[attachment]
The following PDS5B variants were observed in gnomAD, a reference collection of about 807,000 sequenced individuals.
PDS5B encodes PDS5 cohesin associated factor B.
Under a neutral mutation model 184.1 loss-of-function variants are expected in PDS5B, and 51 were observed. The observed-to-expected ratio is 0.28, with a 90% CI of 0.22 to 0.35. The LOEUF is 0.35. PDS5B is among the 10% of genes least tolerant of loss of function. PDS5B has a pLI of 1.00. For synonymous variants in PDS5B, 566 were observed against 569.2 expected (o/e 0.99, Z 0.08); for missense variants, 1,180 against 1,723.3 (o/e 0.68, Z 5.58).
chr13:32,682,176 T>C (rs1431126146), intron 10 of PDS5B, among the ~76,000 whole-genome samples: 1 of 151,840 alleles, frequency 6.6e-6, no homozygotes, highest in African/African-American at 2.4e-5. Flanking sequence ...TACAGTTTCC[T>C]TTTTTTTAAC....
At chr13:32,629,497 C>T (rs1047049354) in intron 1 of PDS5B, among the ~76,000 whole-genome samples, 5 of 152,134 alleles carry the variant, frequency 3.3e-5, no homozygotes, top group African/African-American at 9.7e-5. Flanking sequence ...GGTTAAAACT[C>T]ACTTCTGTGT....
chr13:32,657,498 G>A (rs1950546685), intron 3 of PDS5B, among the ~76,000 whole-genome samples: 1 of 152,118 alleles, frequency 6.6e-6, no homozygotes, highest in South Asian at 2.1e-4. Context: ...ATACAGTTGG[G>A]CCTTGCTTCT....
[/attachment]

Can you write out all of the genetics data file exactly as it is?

The following PDS5B variants were observed in gnomAD, a reference collection of about 807,000 sequenced individuals.
PDS5B encodes PDS5 cohesin associated factor B.
Under a neutral mutation model 184.1 loss-of-function variants are expected in PDS5B, and 51 were observed. The observed-to-expected ratio is 0.28, with a 90% CI of 0.22 to 0.35. The LOEUF is 0.35. PDS5B is among the 10% of genes least tolerant of loss of function. PDS5B has a pLI of 1.00. For synonymous variants in PDS5B, 566 were observed against 569.2 expected (o/e 0.99, Z 0.08); for missense variants, 1,180 against 1,723.3 (o/e 0.68, Z 5.58).
chr13:32,682,176 T>C (rs1431126146), intron 10 of PDS5B, among the ~76,000 whole-genome samples: 1 of 151,840 alleles, frequency 6.6e-6, no homozygotes, highest in African/African-American at 2.4e-5. Flanking sequence ...TACAGTTTCC[T>C]TTTTTTTAAC....
At chr13:32,629,497 C>T (rs1047049354) in intron 1 of PDS5B, among the ~76,000 whole-genome samples, 5 of 152,134 alleles carry the variant, frequency 3.3e-5, no homozygotes, top group African/African-American at 9.7e-5. Flanking sequence ...GGTTAAAACT[C>T]ACTTCTGTGT....
chr13:32,657,498 G>A (rs1950546685), intron 3 of PDS5B, among the ~76,000 whole-genome samples: 1 of 152,118 alleles, frequency 6.6e-6, no homozygotes, highest in South Asian at 2.1e-4. Context: ...ATACAGTTGG[G>A]CCTTGCTTCT....